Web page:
ἡ΄ῶν] Does this belong to the adverb ἐγγύτερον (Beza, Castalio, and others, including Philippi, Hofmann), or to σωτηρία (Luther, Calvin, and others, following the Vulgate)? The former is most naturally suggested by the position of the words; the latter would allow an emphasis, for which no motive is assigned, to fall upon ἡ΄ῶν.

σωτηρία] the Messianic salvation, namely, in its completion, as introduced by the Parousia, which Paul, along with the whole apostolical church, regarded as near, always drawing nearer, and setting in even before the decease of the generation. Comp. Philippians 4:5; 1 Peter 4:7; see also Weiss, bibl. Theol. p. 426. Not recognising the latter fact,—notwithstanding that Paul brings emphatically into account the short time from his conversion up to the present time of his writing ( νῦν),—commentators have been forced to very perverted interpretations; e.g. that deliverance by death was meant (Photius and others), or the destruction of Jerusalem, a fortunate event for Christianity (Michaelis, following older interpreters), or the preaching among the Gentiles (Melanchthon), or the inner σωτηρία, the spiritual salvation of Christianity (Flacius, Calovius, Morus, Flatt, Benecke, Schrader, comp. Glöckler). Rightly and clearly Chrysostom says: ἐπὶ θύραις γὰρ, φησὶν, τῆς κρίσεως ἕστηκε καιρός. Comp. Theodore of Mopsuestia: σωτηρίαν δὲ ἡμῶν καλεῖ τὴν ἀνάστασιν, ἐπειδὴ τότε τῆς ἀληθινῆς ἀπολαύομεν σωτηρίας. But the nearer the blessed goal, the more wakeful and vigilant we should be.

ὅτε ἐπιστ.] than when we became believers; 1 Corinthians 3:5; 1 Corinthians 15:2; Galatians 2:16; Mark 16:16; Acts 19:2, and frequently.


Verse 12

Romans 13:12. To ὕπνος corresponds here as correlate νύξ, i.e. the time before the Parousia, which ceases, when with the Parousia the day arrives. νύξ and ἡμέρα are accordingly figures for the αἰὼν οὗτος and μέλλων, and ἡμέρα is not equivalent to σωτηρία (de Wette), but the day brings the σωτηρία. Comp. Hebrews 10:25.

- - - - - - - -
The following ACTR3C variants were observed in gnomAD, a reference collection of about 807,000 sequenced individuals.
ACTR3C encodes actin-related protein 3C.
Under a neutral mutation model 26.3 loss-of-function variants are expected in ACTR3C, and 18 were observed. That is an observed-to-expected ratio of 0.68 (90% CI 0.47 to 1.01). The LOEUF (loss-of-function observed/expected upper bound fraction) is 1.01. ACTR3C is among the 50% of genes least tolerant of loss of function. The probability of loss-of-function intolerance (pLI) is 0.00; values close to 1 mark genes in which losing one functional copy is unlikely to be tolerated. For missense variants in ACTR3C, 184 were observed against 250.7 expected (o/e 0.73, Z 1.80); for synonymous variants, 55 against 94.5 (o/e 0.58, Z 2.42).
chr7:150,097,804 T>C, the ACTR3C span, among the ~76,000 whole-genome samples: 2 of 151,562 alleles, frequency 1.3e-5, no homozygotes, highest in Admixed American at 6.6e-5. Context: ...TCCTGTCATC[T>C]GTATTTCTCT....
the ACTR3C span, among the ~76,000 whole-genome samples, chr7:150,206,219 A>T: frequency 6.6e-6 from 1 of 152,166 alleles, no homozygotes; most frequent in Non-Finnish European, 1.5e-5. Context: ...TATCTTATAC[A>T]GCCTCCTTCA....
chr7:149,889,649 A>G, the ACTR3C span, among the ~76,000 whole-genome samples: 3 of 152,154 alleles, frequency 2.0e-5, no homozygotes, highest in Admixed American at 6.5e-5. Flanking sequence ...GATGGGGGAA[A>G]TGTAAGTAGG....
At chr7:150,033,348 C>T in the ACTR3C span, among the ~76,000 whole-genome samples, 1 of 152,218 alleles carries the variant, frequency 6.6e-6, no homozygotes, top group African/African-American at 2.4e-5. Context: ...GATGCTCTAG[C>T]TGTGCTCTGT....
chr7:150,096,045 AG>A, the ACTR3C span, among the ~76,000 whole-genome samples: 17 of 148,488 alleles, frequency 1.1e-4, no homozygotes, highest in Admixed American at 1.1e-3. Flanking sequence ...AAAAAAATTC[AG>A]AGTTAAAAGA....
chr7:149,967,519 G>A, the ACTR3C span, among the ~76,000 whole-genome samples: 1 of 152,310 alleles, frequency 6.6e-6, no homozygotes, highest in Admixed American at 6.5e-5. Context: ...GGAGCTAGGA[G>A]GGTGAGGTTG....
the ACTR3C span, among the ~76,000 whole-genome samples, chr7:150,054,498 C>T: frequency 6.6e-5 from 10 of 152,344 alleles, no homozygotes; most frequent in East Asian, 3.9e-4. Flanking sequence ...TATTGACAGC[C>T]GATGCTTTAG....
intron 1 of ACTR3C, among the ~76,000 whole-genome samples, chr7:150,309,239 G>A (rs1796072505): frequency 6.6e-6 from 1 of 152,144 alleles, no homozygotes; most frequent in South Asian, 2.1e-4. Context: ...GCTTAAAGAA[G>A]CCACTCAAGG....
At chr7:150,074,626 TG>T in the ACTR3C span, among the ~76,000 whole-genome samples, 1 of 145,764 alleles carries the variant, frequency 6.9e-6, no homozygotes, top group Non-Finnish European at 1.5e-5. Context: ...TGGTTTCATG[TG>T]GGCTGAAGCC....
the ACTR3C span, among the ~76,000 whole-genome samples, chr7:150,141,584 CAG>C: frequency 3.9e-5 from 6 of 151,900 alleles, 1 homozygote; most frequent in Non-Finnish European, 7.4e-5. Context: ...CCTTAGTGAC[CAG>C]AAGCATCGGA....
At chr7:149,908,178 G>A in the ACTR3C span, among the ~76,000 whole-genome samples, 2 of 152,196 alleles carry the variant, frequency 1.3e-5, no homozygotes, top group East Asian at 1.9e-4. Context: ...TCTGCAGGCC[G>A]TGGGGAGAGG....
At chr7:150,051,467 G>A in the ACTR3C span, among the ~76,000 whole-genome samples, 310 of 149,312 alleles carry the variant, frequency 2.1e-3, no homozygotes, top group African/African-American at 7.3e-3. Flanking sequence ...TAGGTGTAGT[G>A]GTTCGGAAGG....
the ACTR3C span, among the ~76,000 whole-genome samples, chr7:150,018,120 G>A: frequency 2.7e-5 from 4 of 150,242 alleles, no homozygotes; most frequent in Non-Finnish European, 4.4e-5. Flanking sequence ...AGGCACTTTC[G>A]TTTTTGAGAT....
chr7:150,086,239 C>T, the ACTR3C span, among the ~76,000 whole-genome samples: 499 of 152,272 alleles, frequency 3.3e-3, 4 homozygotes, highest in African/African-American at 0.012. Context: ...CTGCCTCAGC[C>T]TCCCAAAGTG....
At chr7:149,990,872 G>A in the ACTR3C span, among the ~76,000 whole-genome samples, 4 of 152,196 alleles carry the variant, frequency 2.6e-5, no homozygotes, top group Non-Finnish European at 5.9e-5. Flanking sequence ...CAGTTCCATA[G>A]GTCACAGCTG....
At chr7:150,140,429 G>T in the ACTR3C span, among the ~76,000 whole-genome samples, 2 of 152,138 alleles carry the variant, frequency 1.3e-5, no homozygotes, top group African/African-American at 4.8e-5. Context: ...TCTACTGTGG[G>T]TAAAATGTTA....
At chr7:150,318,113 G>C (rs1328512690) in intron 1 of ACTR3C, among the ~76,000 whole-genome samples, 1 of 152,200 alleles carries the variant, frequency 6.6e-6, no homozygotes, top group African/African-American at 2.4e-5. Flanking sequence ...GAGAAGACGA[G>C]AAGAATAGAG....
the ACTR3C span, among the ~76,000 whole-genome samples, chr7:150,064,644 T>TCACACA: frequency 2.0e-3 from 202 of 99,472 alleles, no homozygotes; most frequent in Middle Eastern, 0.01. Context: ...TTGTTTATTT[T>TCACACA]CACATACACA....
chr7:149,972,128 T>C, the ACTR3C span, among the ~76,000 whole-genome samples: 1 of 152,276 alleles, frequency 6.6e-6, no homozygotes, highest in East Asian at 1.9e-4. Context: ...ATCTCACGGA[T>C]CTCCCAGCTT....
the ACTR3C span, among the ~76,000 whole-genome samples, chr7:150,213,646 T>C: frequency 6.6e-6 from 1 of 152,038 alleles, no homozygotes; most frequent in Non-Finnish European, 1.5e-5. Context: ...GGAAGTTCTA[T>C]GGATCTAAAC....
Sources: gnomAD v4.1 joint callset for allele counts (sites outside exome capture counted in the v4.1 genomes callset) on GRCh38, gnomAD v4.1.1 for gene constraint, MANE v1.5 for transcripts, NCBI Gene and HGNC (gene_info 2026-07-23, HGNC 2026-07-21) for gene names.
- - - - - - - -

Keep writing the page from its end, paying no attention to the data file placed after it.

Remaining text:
The image is appropriate; for in regard to the knowledge, righteousness, and glory which will have a place in the future αἰών, this approaching blessed time will be related to the imperfect present time as day to night. Theodore of Mopsuestia aptly remarks: ἡμέραν καλεῖ τὸν ἀπὸ τῆς τοῦ χριστοῦ παρουσίας καιρόννύκτα δὲ τὸν πρὸ τούτου χρόνον.

προέκοψεν] not: is past (Luther), but: has made progress, processit (see Galatians 1:14; Luke 2:52; 2 Timothy 2:4-6; Lucian, Soloec. 6; Joseph. Bell. iv. 4. 6), so that the day is no longer distant. It is very possible that Paul conceived to himself the time of the approach of the Parousia as the time of twilight, with which conception both the preceding ὥρα ἡμᾶς ἤδη κ. τ. λ. and the following ἀποθώμεθα aptly agree.

ἀποθώμεθα] as one puts off garments. This way of conceiving it (in opposition to Fritzsche and Hofmann) corresponds to the correlate ἐνδυσώμεθα, comp. on Ephesians 4:22. The ἔργα τοῦ σκότους, i.e. the works, whose element, wherein they are accomplished, is darkness (comp. Ephesians 5:11), the condition of spiritual want of knowledge and of the dominion of sin, are regarded as night-clothes, which the sleeper has had on, and which he who has risen is now to put off.

ἐνδυσώμεθα of the putting on of arms ( ὅπλα, as Romans 6:13), which in part are drawn on like garments. Comp. Ephesians 6:11; 1 Thessalonians 5:8.

τοῦ φωτός] not glittering arms (Grotius, Wetstein), but in contrast to τοῦ σκότους: arms (i.e. dispositions, principles, modes of action) which belong to the element of (spiritual) light, which one has as πεφωτισμένος by virtue of his existence and life in the divine truth of salvation. τοῦ φωτός has the spiritual sense, as also previously τοῦ σκότους, as being in the application of that which was said of the νύξ and ἡμέρα; but the metaphorical expressions are selected as the correlates of νύξ and ἡμέρα.